| NEW YORK/LONDON
NEW YORK/LONDON Aluminum users in the United States are feeling the pinch from tight availability, but idled smelters there will not be lured out of semi-retirement while stocks of the metal climb and it can be produced more cheaply elsewhere.
U.S. Midwest spot aluminum premiums -- which reflect how tight domestic supplies are -- shot to record highs close to 10 cents a lb earlier this month, fueled by strong domestic demand and bottlenecks at North American warehouses. They have eased somewhat since, but are expected to rise again.
Further significant restarts of the country's aging, high-cost smelters are not justified while already vast inventories of the metal are on the rise again.
Stocks of aluminum -- used in transport and packaging -- in London Metal Exchange (LME) warehouses hit a record high above 4.71 million tonnes on Wednesday.
"There's not a lot of wriggle room for more reactivations (in the U.S.), there's concern that stocks are at all-time highs and expected to rise further," said RBS head of commodity research Nick Moore.
Jorge Vazquez, senior vice president of Harbor Intelligence's Aluminum Intel Unit in Texas said U.S. restarts would likely be limited to 50,000 tonnes at most in the final quarter of 2011 or first quarter next year.
He said this would give a total of 725,000 tonnes reopened out of the 1.210 million shut during the global economic downturn after demand and prices fell sharply in late 2008.
A first phase of re-activations included Alcoa (AA.N), which announced in January plans to restart capacity at three idled plants in the first half of this year. Favorable power deals with local power companies played a key part. But more restarts seem unlikely for some time.
"We are observing the market, but have no intention of bringing on more (U.S.) capacity any time soon," Alcoa CEO Klaus Kleinfeld told Reuters this week.
There is more than enough aluminum capacity globally to satisfy demand, particularly in places with cheap power. Power accounts for more than one-third of aluminum production costs.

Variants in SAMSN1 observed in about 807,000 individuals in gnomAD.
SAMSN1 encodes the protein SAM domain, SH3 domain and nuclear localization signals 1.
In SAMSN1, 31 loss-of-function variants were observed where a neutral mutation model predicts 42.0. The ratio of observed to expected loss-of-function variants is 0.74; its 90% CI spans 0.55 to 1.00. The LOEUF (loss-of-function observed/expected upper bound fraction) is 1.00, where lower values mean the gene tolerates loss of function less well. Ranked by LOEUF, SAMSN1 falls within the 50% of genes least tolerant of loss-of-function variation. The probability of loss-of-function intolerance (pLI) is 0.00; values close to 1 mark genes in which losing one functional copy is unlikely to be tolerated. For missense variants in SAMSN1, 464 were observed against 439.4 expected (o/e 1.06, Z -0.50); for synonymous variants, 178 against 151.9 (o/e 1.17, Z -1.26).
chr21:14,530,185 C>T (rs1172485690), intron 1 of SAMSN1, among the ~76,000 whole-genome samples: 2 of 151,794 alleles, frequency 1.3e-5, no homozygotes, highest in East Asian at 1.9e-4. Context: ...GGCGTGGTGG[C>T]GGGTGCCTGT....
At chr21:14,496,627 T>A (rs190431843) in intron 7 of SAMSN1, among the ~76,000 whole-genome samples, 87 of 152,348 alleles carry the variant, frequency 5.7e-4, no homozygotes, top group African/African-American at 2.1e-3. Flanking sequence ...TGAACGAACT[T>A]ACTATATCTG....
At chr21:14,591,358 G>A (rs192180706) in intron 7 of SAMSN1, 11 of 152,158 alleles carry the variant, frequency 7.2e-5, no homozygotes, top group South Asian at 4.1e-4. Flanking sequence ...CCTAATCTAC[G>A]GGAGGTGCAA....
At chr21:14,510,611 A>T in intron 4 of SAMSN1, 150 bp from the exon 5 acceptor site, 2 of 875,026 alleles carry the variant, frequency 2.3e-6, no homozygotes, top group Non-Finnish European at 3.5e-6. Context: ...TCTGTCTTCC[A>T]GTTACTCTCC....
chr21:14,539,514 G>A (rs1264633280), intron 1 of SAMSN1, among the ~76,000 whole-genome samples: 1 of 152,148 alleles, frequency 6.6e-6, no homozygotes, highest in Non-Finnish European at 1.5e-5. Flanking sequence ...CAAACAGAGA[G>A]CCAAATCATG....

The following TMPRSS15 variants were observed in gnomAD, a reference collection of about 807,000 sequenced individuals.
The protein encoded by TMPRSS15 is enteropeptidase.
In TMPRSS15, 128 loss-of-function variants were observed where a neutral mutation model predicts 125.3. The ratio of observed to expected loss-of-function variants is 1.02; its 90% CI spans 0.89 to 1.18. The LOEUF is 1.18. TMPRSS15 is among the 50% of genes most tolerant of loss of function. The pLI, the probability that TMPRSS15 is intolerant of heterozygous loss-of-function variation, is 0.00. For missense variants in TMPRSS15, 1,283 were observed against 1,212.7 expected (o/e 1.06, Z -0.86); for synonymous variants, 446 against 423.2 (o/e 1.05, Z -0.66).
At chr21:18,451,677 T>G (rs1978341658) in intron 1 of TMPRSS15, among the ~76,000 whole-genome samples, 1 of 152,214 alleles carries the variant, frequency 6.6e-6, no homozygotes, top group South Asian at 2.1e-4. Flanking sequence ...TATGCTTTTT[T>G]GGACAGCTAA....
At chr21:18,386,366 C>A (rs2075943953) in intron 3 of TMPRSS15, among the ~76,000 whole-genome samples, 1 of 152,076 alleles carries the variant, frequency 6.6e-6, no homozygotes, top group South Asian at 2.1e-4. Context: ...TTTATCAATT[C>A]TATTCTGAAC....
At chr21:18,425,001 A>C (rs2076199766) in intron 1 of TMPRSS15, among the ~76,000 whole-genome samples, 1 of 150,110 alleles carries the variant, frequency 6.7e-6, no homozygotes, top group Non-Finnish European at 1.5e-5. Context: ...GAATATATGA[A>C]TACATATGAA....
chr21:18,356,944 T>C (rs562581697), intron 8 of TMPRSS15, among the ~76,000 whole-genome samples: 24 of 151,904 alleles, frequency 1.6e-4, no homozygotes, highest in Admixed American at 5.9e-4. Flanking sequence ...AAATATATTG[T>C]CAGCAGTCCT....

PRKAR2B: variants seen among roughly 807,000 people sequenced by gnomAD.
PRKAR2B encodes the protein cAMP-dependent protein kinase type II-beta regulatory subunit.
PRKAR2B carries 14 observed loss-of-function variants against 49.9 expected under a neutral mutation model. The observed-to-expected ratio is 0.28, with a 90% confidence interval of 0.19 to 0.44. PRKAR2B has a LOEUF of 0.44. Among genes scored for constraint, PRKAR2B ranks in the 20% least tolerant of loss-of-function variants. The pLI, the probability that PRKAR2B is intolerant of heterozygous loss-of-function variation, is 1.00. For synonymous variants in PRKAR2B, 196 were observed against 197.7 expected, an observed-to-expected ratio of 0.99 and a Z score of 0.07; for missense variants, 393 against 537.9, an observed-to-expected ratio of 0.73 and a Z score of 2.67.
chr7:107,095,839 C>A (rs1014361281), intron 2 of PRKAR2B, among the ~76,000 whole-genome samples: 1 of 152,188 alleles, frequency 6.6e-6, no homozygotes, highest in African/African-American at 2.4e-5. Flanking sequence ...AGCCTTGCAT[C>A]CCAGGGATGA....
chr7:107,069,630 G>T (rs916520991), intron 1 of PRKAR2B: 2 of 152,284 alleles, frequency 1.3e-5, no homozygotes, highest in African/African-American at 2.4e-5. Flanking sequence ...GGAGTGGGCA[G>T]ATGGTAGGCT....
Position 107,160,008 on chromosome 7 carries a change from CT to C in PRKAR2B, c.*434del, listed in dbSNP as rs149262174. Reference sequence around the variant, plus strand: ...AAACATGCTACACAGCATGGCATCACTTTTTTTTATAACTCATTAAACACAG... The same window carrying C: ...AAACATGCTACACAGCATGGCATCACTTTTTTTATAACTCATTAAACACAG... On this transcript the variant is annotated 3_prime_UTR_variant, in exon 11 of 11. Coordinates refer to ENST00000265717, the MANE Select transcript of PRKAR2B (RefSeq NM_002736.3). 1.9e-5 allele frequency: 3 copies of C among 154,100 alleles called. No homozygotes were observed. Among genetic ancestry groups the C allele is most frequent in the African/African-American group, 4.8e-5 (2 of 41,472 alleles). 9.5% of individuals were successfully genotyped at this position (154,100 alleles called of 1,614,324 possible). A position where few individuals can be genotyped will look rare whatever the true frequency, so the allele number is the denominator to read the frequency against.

Companies such as Alcoa have, or are building, projects in the Middle East and Iceland with ready access respectively to gas and hydro-electricity.
"Right now, it might be more economic to produce in Iceland for example and find a way of balancing that by bringing units into North America, rather than operate from North America," said Nick Madden, vice president and chief procurement officer of Novelis Inc, the world's biggest flat-rolled aluminum producer.
"There is specific tightness right now in the North American market that I think is a bit of an aberration," he added.
Novelis, based in Atlanta, Georgia, is a unit of Hindalco (HALC.BO), India's largest aluminum producer.
BEYOND THE STOCK MOUNTAIN
Huge stocks mean restarts are not needed now, but shuttered U.S. plants should not be written off. Some may be tempted to reopen their doors long term, if demand is booming and top producer China cracks down on smelter capacity; providing of course inventories have been eroded.
"There is a sort of inertia to pull the plug on (U.S.) capacity... What if in two years there is a boom in aluminum and you've just shut down capacity where you could have made a nice profit?" said Wayne Atwell, managing director of New York-based investment bank Casimir Capital LP.
Many question China's ability to curb its capacity. But, if it did, U.S. plants might be needed for a time at least.
"There is going to be demand for aluminum produced outside of China, considering that in their (China's) new 5-year plan they announced that they plan to curtail more smelter capacity," said Catherine Virga, senior base metals analyst with CPM in New York.
China had aluminum capacity of 24 million tonnes at the end of 2010. By the end of 2015 there would be a capacity reduction of 4 million tonnes, Virga said.
The incentive to reopen old U.S. plants could be even greater if aluminum makes substantial demand inroads at the expense of competitive material copper.
At above $9,000 a tonne on Friday, copper is over three-times more expensive than aluminum.
Aluminum consumption is already robust and expected to remain so, with predictions of 6 percent to 10 percent growth annually through to around the middle of the decade.
The United States has even more capacity idled from earlier economic downturns and periods of high power prices.
At its peak in 1980 the country produced 4.65 million tonnes of metal and still accounted for one-quarter of world output in 1990. Last year it produced around 1.7 million tonnes, or 4.0 percent of global output of 41.0 million tonnes.
Even if U.S. plants do not reopen, firms prefer not to incur the wrath of unions with permanent closure and by keeping them on their books they avoid an environmental clean-up headache.
"You're not going to close permanently a facility if you have to do a lot of spending to be able to bring it back to environmental standards," Attwell said.
(Additional reporting by Chris Kelly in New York; editing by James Jukwey)